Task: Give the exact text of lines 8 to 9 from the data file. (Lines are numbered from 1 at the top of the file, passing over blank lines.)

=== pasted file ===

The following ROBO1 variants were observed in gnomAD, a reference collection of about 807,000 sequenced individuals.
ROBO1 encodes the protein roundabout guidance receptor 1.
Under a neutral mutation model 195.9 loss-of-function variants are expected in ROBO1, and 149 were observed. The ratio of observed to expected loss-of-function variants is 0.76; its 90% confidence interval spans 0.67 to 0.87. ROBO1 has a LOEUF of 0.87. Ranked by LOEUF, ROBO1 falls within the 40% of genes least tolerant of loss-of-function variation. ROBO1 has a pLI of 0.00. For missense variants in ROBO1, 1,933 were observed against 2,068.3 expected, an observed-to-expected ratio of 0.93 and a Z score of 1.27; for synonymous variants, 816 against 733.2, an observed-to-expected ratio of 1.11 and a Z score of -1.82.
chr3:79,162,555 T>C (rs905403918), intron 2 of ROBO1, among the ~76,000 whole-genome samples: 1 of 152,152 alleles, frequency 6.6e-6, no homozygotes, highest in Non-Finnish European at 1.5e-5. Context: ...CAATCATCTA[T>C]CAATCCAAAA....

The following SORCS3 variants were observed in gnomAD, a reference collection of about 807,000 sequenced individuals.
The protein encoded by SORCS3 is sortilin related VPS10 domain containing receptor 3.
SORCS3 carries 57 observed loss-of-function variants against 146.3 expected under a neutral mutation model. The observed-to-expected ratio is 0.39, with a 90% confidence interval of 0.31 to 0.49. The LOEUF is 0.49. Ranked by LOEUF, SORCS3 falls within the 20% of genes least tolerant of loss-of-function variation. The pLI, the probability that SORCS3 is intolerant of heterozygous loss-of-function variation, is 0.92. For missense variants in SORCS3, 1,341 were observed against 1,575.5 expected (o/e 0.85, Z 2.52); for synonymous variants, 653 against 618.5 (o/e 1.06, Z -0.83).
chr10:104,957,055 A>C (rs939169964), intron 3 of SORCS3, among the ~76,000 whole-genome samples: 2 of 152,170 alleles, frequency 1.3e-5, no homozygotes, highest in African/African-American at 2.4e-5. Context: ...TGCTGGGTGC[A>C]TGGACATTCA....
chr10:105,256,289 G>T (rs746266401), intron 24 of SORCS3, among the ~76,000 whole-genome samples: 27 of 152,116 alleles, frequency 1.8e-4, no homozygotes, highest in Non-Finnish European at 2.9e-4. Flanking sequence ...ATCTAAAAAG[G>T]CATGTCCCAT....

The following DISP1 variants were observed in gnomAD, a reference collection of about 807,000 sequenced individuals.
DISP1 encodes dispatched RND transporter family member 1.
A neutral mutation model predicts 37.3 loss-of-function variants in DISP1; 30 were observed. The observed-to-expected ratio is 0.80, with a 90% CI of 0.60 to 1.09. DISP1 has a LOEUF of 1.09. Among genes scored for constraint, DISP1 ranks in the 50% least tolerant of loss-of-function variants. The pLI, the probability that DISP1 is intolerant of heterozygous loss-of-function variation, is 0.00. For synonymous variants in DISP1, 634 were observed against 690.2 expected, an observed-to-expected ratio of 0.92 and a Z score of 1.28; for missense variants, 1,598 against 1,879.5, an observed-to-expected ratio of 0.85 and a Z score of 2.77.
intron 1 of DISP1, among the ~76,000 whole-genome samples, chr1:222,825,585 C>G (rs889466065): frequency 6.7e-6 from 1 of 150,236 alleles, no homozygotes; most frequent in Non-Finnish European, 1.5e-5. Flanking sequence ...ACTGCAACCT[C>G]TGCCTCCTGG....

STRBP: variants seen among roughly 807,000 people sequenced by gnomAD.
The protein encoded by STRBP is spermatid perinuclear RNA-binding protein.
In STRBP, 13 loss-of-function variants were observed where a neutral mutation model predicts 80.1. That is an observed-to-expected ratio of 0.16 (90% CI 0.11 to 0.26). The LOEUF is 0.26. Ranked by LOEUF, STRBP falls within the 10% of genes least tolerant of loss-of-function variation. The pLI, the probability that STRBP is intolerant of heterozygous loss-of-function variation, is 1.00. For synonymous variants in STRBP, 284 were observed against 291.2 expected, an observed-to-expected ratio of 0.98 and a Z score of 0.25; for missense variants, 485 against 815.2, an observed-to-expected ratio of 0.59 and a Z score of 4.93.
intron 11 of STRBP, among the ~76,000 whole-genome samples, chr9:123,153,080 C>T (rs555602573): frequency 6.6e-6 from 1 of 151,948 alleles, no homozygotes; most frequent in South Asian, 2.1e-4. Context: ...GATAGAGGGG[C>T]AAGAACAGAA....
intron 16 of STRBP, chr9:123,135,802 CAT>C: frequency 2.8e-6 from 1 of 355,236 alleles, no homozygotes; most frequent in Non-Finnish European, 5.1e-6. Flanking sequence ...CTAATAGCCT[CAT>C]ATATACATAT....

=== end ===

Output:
chr10:104,957,055 A>C (rs939169964), intron 3 of SORCS3, among the ~76,000 whole-genome samples: 2 of 152,170 alleles, frequency 1.3e-5, no homozygotes, highest in African/African-American at 2.4e-5. Context: ...TGCTGGGTGC[A>C]TGGACATTCA....
chr10:105,256,289 G>T (rs746266401), intron 24 of SORCS3, among the ~76,000 whole-genome samples: 27 of 152,116 alleles, frequency 1.8e-4, no homozygotes, highest in Non-Finnish European at 2.9e-4. Flanking sequence ...ATCTAAAAAG[G>T]CATGTCCCAT....